May I ask a question about Al-Anon sponsors?
Hi there. I hope I am not intruding on this board, but I really need some insight. We are trying to help a friend who exhibits traits of borderline personality disorder so much so that he could be a textbook case, and he is getting increasingly unstable. Compounding this is his substance abuse (alcohol and marijuana); he drinks and smokes pot daily. His mother is a recovering alcoholic currently in AA, and she feels that if he would go to a meeting and stop drinking all would be well. She does not believe there is any other effective treatment option for drinking except for AA, because this is what helped her (though she never tried any other treatment.) She also ignores or dismisses the marijuana addiction.
She will not consult anyone except her Al-Anon sponsor about this. She refuses to speak to any therapists, crisis teams, etc, and will only approach the situation from the standpoint of a recovering alcoholic who now has an alcoholic son. The issue is that her Al-Anon sponsor tells her what to do (i.e. explicit directives: "You have to take this measure in exactly this way." The advice is always based on how to deal with someone who drinks, which at times are things that would actually make matters worse when dealing with someone with BPD.)
His BPD is hurting and causing problems for SO many people, and her insistence on approaching it as if he's an alcoholic only is impeding any other attempt to get him to seek treatment. She views her AA and Al-Anon sponsors as experts and WILL NOT listen to anyone outside of these groups. And her Al-Anon sponsor seems to be happy playing the role of "expert." One day, when told by her other son that the advice from her Al-Anon sponsor would be harmful to someone with BPD and even against the advice of the psychiatrist we all had consulted, she said, "Well, my Al-Anon sponsor is going to get mad at me."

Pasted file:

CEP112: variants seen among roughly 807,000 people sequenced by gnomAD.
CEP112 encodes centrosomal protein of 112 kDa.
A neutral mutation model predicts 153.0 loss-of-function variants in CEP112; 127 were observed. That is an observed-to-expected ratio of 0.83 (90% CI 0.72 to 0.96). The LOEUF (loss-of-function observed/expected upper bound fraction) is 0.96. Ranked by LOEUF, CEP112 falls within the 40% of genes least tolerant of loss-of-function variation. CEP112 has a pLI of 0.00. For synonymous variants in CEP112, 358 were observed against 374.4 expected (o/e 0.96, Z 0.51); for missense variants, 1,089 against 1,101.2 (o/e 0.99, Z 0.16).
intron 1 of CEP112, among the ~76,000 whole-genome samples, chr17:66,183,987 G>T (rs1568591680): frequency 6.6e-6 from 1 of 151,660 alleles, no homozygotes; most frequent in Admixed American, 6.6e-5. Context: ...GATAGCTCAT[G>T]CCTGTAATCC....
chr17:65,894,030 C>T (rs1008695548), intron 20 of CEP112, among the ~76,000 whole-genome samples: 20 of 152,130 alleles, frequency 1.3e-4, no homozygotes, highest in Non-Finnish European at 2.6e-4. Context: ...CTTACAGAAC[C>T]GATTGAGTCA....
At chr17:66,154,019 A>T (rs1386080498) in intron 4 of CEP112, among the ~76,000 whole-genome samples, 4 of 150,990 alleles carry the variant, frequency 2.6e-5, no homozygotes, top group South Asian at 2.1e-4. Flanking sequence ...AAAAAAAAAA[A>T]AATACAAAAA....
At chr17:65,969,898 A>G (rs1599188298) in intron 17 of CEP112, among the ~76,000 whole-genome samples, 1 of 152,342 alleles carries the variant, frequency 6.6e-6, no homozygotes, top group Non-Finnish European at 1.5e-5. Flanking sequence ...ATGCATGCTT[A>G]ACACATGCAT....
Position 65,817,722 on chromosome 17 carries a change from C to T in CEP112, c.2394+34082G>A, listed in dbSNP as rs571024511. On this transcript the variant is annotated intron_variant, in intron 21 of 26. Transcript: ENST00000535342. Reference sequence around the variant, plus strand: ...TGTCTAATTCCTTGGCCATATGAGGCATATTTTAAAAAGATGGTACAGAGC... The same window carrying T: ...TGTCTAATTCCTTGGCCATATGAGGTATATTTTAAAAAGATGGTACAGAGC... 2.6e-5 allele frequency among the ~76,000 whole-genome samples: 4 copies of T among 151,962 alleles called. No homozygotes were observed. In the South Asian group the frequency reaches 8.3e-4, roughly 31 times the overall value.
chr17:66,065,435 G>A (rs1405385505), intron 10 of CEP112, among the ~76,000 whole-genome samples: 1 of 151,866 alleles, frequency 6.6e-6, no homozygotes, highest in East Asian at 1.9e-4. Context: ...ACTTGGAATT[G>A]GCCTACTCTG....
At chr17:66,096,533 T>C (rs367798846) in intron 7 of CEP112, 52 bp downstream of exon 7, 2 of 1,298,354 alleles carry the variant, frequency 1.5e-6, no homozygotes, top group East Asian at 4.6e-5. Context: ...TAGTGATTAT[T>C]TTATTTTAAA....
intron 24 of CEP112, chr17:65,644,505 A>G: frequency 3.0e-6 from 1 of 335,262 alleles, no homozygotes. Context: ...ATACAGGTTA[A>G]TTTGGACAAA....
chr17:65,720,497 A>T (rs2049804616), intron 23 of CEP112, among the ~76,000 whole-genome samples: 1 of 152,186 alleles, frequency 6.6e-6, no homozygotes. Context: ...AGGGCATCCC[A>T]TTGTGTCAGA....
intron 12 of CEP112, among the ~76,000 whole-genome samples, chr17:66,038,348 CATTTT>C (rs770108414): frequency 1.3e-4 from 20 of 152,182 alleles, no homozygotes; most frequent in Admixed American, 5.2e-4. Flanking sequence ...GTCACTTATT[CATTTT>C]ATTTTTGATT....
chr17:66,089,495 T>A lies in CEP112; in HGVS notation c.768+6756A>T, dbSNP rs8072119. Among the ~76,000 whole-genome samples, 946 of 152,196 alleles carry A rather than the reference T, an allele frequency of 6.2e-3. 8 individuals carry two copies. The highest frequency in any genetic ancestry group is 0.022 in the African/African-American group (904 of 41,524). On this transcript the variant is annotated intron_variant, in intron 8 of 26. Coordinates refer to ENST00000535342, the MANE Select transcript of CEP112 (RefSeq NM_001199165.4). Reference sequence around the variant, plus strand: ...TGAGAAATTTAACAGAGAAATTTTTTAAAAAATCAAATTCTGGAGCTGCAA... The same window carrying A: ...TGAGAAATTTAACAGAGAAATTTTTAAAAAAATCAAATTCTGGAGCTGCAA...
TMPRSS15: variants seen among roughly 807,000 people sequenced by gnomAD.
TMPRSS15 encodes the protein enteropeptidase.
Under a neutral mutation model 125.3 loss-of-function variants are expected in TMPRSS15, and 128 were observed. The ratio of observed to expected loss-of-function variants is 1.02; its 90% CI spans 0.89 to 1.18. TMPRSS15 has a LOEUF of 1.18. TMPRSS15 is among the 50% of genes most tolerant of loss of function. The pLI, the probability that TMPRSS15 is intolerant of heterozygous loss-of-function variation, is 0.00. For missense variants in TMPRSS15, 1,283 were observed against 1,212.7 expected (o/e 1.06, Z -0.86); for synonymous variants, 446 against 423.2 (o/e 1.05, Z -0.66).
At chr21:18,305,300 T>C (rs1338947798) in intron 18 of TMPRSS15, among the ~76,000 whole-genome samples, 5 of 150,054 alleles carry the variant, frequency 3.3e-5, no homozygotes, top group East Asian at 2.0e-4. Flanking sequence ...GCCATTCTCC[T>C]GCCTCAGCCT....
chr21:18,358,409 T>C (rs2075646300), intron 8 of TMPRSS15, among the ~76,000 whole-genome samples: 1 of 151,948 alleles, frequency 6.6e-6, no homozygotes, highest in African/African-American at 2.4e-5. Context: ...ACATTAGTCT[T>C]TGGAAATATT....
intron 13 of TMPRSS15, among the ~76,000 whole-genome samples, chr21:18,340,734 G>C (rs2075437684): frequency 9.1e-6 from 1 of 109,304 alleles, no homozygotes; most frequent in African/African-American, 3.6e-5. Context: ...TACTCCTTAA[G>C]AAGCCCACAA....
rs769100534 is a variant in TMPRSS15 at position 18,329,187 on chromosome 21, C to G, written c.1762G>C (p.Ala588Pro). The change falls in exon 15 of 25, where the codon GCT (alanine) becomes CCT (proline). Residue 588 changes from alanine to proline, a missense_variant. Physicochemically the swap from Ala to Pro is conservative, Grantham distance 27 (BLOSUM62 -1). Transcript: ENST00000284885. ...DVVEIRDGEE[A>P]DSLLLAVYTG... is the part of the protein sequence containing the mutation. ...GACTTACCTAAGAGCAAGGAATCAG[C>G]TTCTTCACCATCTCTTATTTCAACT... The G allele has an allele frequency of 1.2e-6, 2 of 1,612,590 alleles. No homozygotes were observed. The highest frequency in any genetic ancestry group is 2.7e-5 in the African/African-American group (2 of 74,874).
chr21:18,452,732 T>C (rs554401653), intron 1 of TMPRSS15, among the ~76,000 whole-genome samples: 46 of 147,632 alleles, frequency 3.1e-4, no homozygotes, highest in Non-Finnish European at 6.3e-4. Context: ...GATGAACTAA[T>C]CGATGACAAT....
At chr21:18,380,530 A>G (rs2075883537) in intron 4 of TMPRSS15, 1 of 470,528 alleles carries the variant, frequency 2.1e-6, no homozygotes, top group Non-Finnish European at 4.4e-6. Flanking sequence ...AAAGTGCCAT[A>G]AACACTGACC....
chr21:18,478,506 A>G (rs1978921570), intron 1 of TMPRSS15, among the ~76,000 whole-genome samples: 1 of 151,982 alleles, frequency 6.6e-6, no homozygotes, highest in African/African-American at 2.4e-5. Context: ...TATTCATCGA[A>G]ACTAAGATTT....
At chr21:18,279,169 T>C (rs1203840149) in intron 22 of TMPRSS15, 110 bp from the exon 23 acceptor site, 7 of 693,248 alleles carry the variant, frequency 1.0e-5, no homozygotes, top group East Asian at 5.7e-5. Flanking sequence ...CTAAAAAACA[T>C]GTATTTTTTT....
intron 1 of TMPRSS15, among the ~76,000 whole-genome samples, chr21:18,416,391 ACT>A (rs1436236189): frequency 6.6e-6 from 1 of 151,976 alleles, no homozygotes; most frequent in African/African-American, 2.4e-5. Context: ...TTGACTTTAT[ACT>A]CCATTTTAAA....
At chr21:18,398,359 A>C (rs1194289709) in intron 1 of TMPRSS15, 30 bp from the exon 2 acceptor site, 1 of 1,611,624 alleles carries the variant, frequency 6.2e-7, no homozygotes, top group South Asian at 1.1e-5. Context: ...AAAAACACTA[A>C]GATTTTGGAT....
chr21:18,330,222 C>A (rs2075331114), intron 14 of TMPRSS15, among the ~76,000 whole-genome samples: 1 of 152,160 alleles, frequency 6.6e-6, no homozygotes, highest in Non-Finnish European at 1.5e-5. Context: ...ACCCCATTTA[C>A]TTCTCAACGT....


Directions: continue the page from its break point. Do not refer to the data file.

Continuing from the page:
Are Al-Anon sponsors supposed to give directives and advice and get upset if you don't follow them? I was under the impression that AA and Al-Anon were for support and shared experiences and that direct advice should not be given. The sponsor is aware that other behaviors besides drinking are present and that most everyone feels he has BPD, and she agrees he is likely suffering from mental illness, but she still continues to give advice and say what "needs to" or "has to" be done. I feel this sponsor is taking on a role other than what Al-Anon is intended for, and by viewing her sponsor as an "expert" who knows how to deal with the situation, it is making any attempts the rest of us make to address both the BPD and substance abuse futile.
I feel AA is wonderful and helps many people (including one of my very best friends), but I also know that this person has an underlying psychiatric issue and also needs to deal with that, not just stop drinking. I feel he will be much more likely fail the program (or any substance abuse program) unless he also deals with being borderline. His mother disagrees and says that he has a genetic propensity to alcoholism because of her and if he could just stop drinking he'd change. Are we correct in thinking her sponsor may be overstepping some boundaries?